Harry Whittaker
Studies in the Gospels

71. The Widow’s Son (Luke 7:11-17)*

The next miracle done by Jesus took place on the very next day. It is perhaps unique in that almost the precise spot where it happened is identifiable. Nain was a small place about ten miles south of Nazareth. The site makes it highly probable that the main exit was on the south side, where at some distance there are a number of limestone caves anciently used as burial places. This track is joined by another along which Jesus and his apostles and the accompanying crowd came from Capernaum. Almost certainly it was at this junction where the Lord encountered a funeral procession.

Grief and Compassion

A widow, evidently greatly esteemed in the town, if one is to judge by the multitude of sympathizing mourners, had been bereaved of her only son. “The mourning of an only son” is perhaps the most poignant expression of grief to be found in the Old Testament (Jer. 6:26; Zech. 12:10; Amos 8:10), “most bitter lamentation”.

The compassion in the soul of Jesus was immediately clamant for action. Without doubt he would have preferred to render aid away from the curious eyes of the crowds, but this was hardly possible. So first he spoke kindly to the distressed woman and bade her cease from weeping. This was no platitudinous conventional sympathy but an implicit promise that soon all would be well. Then, before she could realise what was afoot, he moved to the bier and stopped the bearers by laying a firm hand upon it. This action in itself was unexpected, for who would wish any risk of ceremonial defilement from the pallet on which the corpse lay?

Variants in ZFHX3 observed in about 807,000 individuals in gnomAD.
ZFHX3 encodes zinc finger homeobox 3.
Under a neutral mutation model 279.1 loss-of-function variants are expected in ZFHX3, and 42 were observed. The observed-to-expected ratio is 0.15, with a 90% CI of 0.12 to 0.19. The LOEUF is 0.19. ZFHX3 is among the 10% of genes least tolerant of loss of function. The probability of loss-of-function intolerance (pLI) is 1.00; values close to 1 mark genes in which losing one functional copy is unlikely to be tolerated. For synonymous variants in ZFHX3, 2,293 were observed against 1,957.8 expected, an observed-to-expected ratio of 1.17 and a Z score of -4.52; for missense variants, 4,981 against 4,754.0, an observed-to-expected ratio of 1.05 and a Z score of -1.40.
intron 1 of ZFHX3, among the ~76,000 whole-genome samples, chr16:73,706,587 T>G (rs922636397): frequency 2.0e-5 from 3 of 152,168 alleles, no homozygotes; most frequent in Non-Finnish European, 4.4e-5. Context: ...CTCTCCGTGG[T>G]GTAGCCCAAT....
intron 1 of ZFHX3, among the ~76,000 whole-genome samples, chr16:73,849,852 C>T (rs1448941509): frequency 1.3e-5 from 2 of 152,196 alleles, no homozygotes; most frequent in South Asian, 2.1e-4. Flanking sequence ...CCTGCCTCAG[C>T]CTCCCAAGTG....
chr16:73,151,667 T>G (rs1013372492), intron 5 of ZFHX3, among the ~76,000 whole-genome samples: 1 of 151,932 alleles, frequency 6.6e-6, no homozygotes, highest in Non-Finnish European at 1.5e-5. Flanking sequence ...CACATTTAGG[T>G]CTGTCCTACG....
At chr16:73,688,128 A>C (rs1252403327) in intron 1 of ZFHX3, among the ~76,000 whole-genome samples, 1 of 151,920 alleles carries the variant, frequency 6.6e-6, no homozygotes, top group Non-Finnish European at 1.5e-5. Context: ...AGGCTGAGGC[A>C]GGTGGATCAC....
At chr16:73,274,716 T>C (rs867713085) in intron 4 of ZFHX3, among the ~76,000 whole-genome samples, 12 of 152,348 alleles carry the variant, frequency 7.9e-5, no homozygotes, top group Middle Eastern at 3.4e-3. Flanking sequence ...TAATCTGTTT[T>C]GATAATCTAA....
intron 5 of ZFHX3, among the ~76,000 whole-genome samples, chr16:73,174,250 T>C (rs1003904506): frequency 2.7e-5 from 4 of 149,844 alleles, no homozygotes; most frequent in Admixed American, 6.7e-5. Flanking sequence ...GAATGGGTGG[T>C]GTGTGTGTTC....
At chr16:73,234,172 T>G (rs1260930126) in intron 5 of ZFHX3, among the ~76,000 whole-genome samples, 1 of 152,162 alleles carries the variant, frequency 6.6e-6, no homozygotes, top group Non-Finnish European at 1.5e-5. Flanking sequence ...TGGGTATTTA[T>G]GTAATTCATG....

Then came the word of authority complementary to what Jesus had just spoken to the widow: “Young man, unto thee I say, Arise.” Forthwith the dead man came to life. Sitting up on the bier, he looked around in astonishment, unanswered questions tumbling from his lips in quick succession. But without a moment’s delay Jesus helped him to his feet and led him to his awed, incredulous, happy mother.

There in the gate of the city Jesus gave proof that he was the promised Seed of Abraham who will one day “possess the gate of his enemies” and especially “the last enemy that shall be destroyed” (Gen. 22:17; 1 Cor. 15:26).

But, as Jesus symbolically intimated, the leprosy of sin (Mt. 8:3) and the desolation of death are only to be done away through this sharing of the defilement of them both.

And his “weep not!” anticipated the reassurance to John in Patmos when he was weeping many tears because in the hand of God was seen the Book of Life, and yet “no man was found worthy to open the Book, or to look thereon”, until there appeared “a Lamb as it had been slain” (Rev. 5:1-9).

It is because of this that “God shall wipe away all tears from their eyes (did Jesus do this for the widow?), and there shall be no more death, neither sorrow nor crying” (Rev. 21:4).

This act of compassion was a lovely token of the happy reunions which are yet to take place in the day of resurrection. The widow’s experience proved that the Lord’s beatitude for mourners was, and will be, very truth.

The Widow of Zarephath